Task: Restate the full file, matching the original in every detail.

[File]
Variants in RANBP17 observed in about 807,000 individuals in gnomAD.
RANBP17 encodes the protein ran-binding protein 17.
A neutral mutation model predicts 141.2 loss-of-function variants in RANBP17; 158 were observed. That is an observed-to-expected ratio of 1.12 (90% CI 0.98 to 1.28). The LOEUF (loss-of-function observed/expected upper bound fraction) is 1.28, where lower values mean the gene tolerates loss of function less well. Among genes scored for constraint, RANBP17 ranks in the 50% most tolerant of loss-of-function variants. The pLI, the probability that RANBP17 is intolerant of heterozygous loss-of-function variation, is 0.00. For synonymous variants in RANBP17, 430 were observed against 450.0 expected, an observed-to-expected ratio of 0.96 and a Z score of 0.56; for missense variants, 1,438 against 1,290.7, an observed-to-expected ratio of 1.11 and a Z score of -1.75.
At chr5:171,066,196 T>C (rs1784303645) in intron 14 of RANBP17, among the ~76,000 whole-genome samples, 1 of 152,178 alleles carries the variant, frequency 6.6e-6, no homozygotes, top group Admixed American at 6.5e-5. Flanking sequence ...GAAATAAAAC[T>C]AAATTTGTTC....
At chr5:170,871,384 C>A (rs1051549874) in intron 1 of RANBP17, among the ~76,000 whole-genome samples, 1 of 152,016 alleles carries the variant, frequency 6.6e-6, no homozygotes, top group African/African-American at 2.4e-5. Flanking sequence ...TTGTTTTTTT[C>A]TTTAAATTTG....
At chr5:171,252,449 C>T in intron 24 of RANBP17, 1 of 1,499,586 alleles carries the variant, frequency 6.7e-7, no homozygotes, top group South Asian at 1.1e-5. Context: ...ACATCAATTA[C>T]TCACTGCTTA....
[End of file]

Variants in RANBP17 observed in about 807,000 individuals in gnomAD.
RANBP17 encodes the protein ran-binding protein 17.
A neutral mutation model predicts 141.2 loss-of-function variants in RANBP17; 158 were observed. That is an observed-to-expected ratio of 1.12 (90% CI 0.98 to 1.28). The LOEUF (loss-of-function observed/expected upper bound fraction) is 1.28, where lower values mean the gene tolerates loss of function less well. Among genes scored for constraint, RANBP17 ranks in the 50% most tolerant of loss-of-function variants. The pLI, the probability that RANBP17 is intolerant of heterozygous loss-of-function variation, is 0.00. For synonymous variants in RANBP17, 430 were observed against 450.0 expected, an observed-to-expected ratio of 0.96 and a Z score of 0.56; for missense variants, 1,438 against 1,290.7, an observed-to-expected ratio of 1.11 and a Z score of -1.75.
At chr5:171,066,196 T>C (rs1784303645) in intron 14 of RANBP17, among the ~76,000 whole-genome samples, 1 of 152,178 alleles carries the variant, frequency 6.6e-6, no homozygotes, top group Admixed American at 6.5e-5. Flanking sequence ...GAAATAAAAC[T>C]AAATTTGTTC....
At chr5:170,871,384 C>A (rs1051549874) in intron 1 of RANBP17, among the ~76,000 whole-genome samples, 1 of 152,016 alleles carries the variant, frequency 6.6e-6, no homozygotes, top group African/African-American at 2.4e-5. Flanking sequence ...TTGTTTTTTT[C>A]TTTAAATTTG....
At chr5:171,252,449 C>T in intron 24 of RANBP17, 1 of 1,499,586 alleles carries the variant, frequency 6.7e-7, no homozygotes, top group South Asian at 1.1e-5. Context: ...ACATCAATTA[C>T]TCACTGCTTA....